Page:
By Giles Hutchins
Biomimicry is an exciting discipline which explores how we can learn from nature to solve human problems.
Humans have been gaining inspiration from nature for many thousands of years, yet biomimicry as a formal concept is more recent. The word itself, “biomimicry,” was coined by Janine Benyus (author of the book “Biomimicry” published in 1997) and originates from the Greek bios (life) and mimesis (imitation). For Benyus, biomimicry is the conscious emulation of life’s genius.
The Biomimicry Institute, founded by Janine Benyus and Dayna Baumeister, is actively involved in nature-inspired innovations. Over the last few decades, across the globe, there has been a steady increase in biomimetic innovations helping design and deploy products and services in more sustainable ways. One only has to Google ‘biomimicry’ to find ample examples of such innovations: the Shinkansen Bullet Train of the West Japan Railway inspired by the Kingfisher’s beak, the Eastgate Building in Zimbabwe taking inspiration from termites’ self-cooling mounds, and British Telecom using a biological model based on ant behavior to overhaul its phone network, by example. Such scientific innovations inspired by nature are an important part of our transformation to a more sustainable future.
Underlying our scientific extrapolations of nature is a deeper – often remaining largely unconscious – participatory mode of understanding and relating with more-than-human life. The Western scientific ‘Cartesian’ paradigm, with its approach of rationalism through deductive logic, reductionist empiricism and objectification, tends towards marginalizing our inter-subjective resonance with the natural world, supressing our empathic and participatory relation of self-other-nature. In our desire to understand, define and categorize life, we have tended towards a logic that sets things apart from each other; we create an illusion of separation which pollutes how we attend to ourselves, each other and the wider world.
By example, there has recently been much excitement in certain circles about the potential human benefits of utilizing spiders’ silk. One article proudly illustrates this work with photos of spiders lined up and pinned down alive in a laboratory while silk is extracted from them for examination. Is this really the ‘conscious emulation of nature’s genius’? It smacks of anthropocentric hubris and separateness — the flawed logic that got us into this mess in the first place. Such logic encourages an over-analytic, over-exploitative, unbalanced attention which seeks to grasp, define and extract: Enter the take-make-waste socio-economic paradigm in our midst.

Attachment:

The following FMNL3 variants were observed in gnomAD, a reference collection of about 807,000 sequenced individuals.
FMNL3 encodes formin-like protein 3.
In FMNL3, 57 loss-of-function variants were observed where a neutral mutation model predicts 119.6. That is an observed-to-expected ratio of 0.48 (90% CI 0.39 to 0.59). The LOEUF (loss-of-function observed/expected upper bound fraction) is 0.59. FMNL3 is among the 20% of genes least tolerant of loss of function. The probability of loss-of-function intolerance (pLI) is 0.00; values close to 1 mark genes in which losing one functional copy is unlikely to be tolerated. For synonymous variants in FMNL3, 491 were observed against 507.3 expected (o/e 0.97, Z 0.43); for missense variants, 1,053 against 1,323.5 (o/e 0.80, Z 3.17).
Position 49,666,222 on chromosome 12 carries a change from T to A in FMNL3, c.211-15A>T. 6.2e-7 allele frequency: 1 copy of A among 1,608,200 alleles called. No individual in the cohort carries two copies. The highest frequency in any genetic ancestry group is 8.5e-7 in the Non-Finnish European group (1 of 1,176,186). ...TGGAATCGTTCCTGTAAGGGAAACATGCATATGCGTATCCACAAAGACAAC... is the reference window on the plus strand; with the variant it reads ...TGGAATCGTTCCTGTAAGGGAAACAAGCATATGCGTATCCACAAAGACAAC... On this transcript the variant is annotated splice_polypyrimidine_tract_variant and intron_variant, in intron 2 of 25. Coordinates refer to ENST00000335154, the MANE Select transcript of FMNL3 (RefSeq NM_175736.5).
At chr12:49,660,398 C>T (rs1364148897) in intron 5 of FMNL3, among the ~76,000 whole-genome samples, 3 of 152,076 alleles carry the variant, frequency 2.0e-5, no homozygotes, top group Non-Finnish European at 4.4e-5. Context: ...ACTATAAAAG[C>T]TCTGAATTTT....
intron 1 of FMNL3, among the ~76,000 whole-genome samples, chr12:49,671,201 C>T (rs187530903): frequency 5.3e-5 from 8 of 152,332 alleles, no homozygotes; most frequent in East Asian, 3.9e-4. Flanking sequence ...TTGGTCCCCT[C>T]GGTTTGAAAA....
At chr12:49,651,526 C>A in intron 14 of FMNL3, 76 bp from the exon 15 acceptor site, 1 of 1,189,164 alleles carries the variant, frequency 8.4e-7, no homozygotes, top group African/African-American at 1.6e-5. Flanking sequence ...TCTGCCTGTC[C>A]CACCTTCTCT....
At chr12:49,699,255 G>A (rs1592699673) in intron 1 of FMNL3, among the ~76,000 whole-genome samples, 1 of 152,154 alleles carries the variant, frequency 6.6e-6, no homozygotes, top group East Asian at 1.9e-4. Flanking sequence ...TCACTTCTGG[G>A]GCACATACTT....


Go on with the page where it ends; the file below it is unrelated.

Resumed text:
To apply these extrapolations and imitations of nature to the challenges we now face without adequately rooting them in the deeper wisdom nature affords us, is to deal with symptoms (carbon emissions, waste-to-landfill, ocean dead zones, social inequality, etc.) while leaving the underlying cause (our relation with reality) gapping. Put more bluntly, scientific rationalism – biomimetic or not — will not solve our dysfunctional way of life unless it becomes grounded within a deeper participatory way of life: scientific, sensuous and spiritual.
Peter Drucker once famously said, “In times of turmoil, the danger lies not in the turmoil, but in facing it with yesterday’s logic.”
Yesterday’s logic is one that sets humans apart from each other and from the rest of nature viewed through the lens of competition. The scientific convenience of isolating complexities into neatly packaged definitions for us to get our heads around has led to a flawed logic which we then project on to our societies and economies. It is this flawed logic that is at the heart of all our crises — world poverty, climate change, biodiversity loss, social inequality, etc. And yet many of today’s solutions apply this logic without stepping back to question it. If we have any hope of rectifying the error of our ways, this logic needs to be put right at its root otherwise all we can hope for is merely delaying the inevitable endgame through efficiency tweaks to an inherently carcinogenic modus operandi.
Mimesis within the context of its original Greek meaning requires the imitator to embody that which is being imitated. This goes to the heart of what makes us human: Through perception, imagination and empathic identification, we can share in what another feels; in-so-doing transform what we perceive into what we experience. This is primary to our education and evolution as Homo sapiens rooted in our ability to love. With our heads, hearts and hands we can consciously emulate nature’s genius through our dynamic, participatory and co-creative embodying of our lived-in reality.
We do not need to impose another ideology or set of beliefs onto reality. Instead, we need to hold space for opening and heightening our attention individually and collectively – this way we can allow the truth to co-creatively emerge free from dogma.
Giles Hutchins is author of The Nature of Business, he blogs at www.thenatureofbusiness.org